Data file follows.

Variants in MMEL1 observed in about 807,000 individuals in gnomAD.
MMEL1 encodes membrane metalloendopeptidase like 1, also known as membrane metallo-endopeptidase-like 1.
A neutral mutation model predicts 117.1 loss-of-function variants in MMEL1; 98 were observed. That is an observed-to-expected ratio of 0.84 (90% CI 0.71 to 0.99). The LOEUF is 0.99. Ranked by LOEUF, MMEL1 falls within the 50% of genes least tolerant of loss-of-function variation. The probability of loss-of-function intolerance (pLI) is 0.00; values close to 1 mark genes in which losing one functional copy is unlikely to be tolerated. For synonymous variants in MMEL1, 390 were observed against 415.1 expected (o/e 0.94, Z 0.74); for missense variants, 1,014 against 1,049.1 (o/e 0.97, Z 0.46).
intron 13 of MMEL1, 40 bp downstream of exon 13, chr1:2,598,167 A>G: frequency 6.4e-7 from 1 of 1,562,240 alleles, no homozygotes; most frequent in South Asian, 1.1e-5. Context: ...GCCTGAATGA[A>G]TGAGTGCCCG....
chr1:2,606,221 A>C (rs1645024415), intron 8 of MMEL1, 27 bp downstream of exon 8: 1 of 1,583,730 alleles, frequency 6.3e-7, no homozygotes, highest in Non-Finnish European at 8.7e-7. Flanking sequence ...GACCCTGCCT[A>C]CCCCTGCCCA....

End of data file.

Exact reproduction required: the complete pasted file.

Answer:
Variants in MMEL1 observed in about 807,000 individuals in gnomAD.
MMEL1 encodes membrane metalloendopeptidase like 1, also known as membrane metallo-endopeptidase-like 1.
A neutral mutation model predicts 117.1 loss-of-function variants in MMEL1; 98 were observed. That is an observed-to-expected ratio of 0.84 (90% CI 0.71 to 0.99). The LOEUF is 0.99. Ranked by LOEUF, MMEL1 falls within the 50% of genes least tolerant of loss-of-function variation. The probability of loss-of-function intolerance (pLI) is 0.00; values close to 1 mark genes in which losing one functional copy is unlikely to be tolerated. For synonymous variants in MMEL1, 390 were observed against 415.1 expected (o/e 0.94, Z 0.74); for missense variants, 1,014 against 1,049.1 (o/e 0.97, Z 0.46).
intron 13 of MMEL1, 40 bp downstream of exon 13, chr1:2,598,167 A>G: frequency 6.4e-7 from 1 of 1,562,240 alleles, no homozygotes; most frequent in South Asian, 1.1e-5. Context: ...GCCTGAATGA[A>G]TGAGTGCCCG....
chr1:2,606,221 A>C (rs1645024415), intron 8 of MMEL1, 27 bp downstream of exon 8: 1 of 1,583,730 alleles, frequency 6.3e-7, no homozygotes, highest in Non-Finnish European at 8.7e-7. Flanking sequence ...GACCCTGCCT[A>C]CCCCTGCCCA....